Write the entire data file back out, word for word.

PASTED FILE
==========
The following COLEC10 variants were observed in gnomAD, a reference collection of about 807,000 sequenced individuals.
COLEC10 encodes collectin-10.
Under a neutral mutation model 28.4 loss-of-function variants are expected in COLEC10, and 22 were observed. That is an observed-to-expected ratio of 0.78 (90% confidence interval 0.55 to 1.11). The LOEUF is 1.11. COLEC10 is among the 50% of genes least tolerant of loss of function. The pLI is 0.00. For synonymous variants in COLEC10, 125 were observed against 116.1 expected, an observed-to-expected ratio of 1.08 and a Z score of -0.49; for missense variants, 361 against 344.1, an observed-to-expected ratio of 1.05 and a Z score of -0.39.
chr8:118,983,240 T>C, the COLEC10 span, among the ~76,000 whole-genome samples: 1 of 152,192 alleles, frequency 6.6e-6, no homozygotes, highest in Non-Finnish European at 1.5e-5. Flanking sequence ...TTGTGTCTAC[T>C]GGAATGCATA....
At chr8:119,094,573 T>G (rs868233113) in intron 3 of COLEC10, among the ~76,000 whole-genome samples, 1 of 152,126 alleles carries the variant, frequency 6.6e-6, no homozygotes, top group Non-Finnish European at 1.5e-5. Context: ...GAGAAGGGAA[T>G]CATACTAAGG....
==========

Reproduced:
The following COLEC10 variants were observed in gnomAD, a reference collection of about 807,000 sequenced individuals.
COLEC10 encodes collectin-10.
Under a neutral mutation model 28.4 loss-of-function variants are expected in COLEC10, and 22 were observed. That is an observed-to-expected ratio of 0.78 (90% confidence interval 0.55 to 1.11). The LOEUF is 1.11. COLEC10 is among the 50% of genes least tolerant of loss of function. The pLI is 0.00. For synonymous variants in COLEC10, 125 were observed against 116.1 expected, an observed-to-expected ratio of 1.08 and a Z score of -0.49; for missense variants, 361 against 344.1, an observed-to-expected ratio of 1.05 and a Z score of -0.39.
chr8:118,983,240 T>C, the COLEC10 span, among the ~76,000 whole-genome samples: 1 of 152,192 alleles, frequency 6.6e-6, no homozygotes, highest in Non-Finnish European at 1.5e-5. Flanking sequence ...TTGTGTCTAC[T>C]GGAATGCATA....
At chr8:119,094,573 T>G (rs868233113) in intron 3 of COLEC10, among the ~76,000 whole-genome samples, 1 of 152,126 alleles carries the variant, frequency 6.6e-6, no homozygotes, top group Non-Finnish European at 1.5e-5. Context: ...GAGAAGGGAA[T>G]CATACTAAGG....